As Andrew Neil leaves GB News Bryan Manley-Green looks at the state of our broadcast news and is the Mash report the way forward?
On the anniversary of his death, Clark Renney evaluates the life and work of one of Britain’s greatest Psychologists Hans Eysenck.
Farmers in Lincolnshire are being badly affected by broken supply chains. Brexit has led to a shortage of seasonal workers and lorry drivers.
A headteacher records the trials and tribulations of managing a school during the Covid pandemic in the first of three parts.
The start of the new school year threatens a rapid rise in Covid infections, risking children’s health and safety. But schools could take advantage of this situation to create a more flexible and effective way of working.
Carry on abroad as Liz Truss announces list of jobs for the boys as International Trade Envoys with no skills for the job.
Brexit can be compared to a slow puncture or a slow virus, silently producing progressive damage without triggering the expected degree of protest. But if we have the courage to challenge Brexit’s deceptions and misconceptions, eventually the tide will turn. Brexit as a slow puncture or virus The noted commentator Professor Chris Grey, in his […]
As Britain is now a third country EU trade has become slower and more expensive. Stockpiles are dwindling and shortages will get worse.
Boris Johnson promised to level up the Red Wall seats. Nearly two years after the election, let’s take a look at how he’s getting on.
Ann Hollands takes us on a brief tour of Assumption day around the world and at home with her own personal experience
Central region MP Nadhim Zahawi was also on the receiving end of lobbying texts from David Cameron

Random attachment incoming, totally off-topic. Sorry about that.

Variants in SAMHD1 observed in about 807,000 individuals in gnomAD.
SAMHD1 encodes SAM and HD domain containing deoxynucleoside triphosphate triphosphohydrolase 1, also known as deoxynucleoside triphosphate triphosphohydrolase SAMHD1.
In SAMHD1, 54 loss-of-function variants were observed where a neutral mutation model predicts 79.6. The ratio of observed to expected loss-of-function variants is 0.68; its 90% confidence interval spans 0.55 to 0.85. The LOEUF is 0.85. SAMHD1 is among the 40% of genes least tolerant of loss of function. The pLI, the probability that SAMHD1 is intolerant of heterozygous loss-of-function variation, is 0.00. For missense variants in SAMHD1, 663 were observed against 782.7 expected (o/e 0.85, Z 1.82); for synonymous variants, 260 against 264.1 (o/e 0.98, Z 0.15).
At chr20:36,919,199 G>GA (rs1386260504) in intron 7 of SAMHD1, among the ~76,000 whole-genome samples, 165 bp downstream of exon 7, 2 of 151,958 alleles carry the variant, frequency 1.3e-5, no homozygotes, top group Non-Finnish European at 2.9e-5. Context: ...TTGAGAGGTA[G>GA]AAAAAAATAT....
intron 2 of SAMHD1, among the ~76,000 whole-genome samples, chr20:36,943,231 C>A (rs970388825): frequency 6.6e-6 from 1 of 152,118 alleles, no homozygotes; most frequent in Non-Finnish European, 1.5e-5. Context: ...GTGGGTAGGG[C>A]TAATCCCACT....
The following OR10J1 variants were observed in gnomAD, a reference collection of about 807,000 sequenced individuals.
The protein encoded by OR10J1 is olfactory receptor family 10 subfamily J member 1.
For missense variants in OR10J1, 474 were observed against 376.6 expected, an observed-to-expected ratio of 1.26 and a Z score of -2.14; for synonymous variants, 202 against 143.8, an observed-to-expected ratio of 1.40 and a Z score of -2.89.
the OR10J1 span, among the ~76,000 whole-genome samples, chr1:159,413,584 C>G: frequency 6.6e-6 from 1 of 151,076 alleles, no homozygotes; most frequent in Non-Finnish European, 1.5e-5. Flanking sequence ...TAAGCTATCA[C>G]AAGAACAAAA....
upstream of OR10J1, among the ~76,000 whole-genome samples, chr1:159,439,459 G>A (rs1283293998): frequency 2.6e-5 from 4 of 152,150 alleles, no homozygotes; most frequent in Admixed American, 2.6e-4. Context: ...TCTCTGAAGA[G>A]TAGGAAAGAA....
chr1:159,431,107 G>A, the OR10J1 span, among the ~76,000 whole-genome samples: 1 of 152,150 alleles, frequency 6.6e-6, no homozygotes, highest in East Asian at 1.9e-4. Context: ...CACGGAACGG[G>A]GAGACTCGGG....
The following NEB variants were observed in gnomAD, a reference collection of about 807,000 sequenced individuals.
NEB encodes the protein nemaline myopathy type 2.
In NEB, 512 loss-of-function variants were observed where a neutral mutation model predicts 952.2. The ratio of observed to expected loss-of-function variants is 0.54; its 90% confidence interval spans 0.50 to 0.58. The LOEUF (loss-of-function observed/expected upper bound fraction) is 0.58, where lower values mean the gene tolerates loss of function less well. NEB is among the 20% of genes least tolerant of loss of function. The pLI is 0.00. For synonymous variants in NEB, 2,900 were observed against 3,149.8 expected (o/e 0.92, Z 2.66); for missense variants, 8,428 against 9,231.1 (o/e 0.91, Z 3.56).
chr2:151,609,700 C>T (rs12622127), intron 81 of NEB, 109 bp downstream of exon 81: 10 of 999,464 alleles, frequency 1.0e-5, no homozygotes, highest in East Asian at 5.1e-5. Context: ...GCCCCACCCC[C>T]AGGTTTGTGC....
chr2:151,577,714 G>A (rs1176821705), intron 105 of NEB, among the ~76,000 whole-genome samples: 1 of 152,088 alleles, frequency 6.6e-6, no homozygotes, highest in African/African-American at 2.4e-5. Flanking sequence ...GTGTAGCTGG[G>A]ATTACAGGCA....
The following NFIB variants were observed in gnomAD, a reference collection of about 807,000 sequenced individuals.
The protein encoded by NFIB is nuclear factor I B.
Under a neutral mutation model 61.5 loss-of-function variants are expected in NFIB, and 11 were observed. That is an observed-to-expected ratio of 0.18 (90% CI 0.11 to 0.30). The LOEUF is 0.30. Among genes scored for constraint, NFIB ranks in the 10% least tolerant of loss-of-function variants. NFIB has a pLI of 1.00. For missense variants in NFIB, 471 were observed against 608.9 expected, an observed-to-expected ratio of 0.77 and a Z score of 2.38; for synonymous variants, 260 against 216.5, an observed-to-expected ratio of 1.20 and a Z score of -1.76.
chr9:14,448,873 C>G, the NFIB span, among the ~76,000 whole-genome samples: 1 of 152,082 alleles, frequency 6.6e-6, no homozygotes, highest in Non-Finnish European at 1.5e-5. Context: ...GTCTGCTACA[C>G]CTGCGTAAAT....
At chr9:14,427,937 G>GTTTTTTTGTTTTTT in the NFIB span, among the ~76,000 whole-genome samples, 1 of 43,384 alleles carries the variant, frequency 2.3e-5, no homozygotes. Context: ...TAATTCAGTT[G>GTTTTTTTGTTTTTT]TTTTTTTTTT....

Don’t let the government take away your rights to protest, write to your MP or join a protest to Kill The Police Bill.
Is there really going to be a battle for our booze? We love it, don’t we? Whether we’re out on the lash (hey kids, always drink responsibly) or hunkering down in front of Call The Midwife with a warming glass of Malbec, I don’t think anyone would try and deny that we love our booze. […]
What the £20 a week uplift to Universal Credit reveals about the Government’s attitude towards benefits
Universal Credit, how the distinction between deserving and undeserving remains in UK welfare policy of the 21st century Universal Credit, a strange name for a benefit Don’t you think Universal Credit is a bizarre name for a benefit? Restricted as it is through rigorous means testing to those on very low incomes, it is far from […]
Are we back to the nineties? Is cash for access is the latest Tory party scandaIs and is Ben Elliot one of its key enablers.
If we don’t like the government we can always change them. But there are no mechanisms for dealing with a referendum we come to regret.
The civil society report to the United Nations Committee for the Elimination of Racial Discrimination (UNCERD) is dear to my heart. Curated by the Runnymede Trust, it was submitted by a coalition of over 100 Civil Society Organisations (CSOs) and is a report to the United Nations (UN) on race and racism in England. The […]
The battle against Covid increasingly resembles a rather bizarre episode of Dad’s Army mocking the idea of British genius and resolve.
One of a series of articles addressing the UK’s haulage and looming supply chain crisis. Central Bylines has already written about the UK’s shortage of HGV drivers. According to the Road Haulage Association, the profession is about 100,000 drivers short. In brief this is mainly because European drivers formerly based in the UK have returned […]
Supermarket shortages deepen as Britain’s supply chain is on the brink of collapse.
Falling numbers of HGV drivers while demand rises could lead to rolling shortages in UK shops.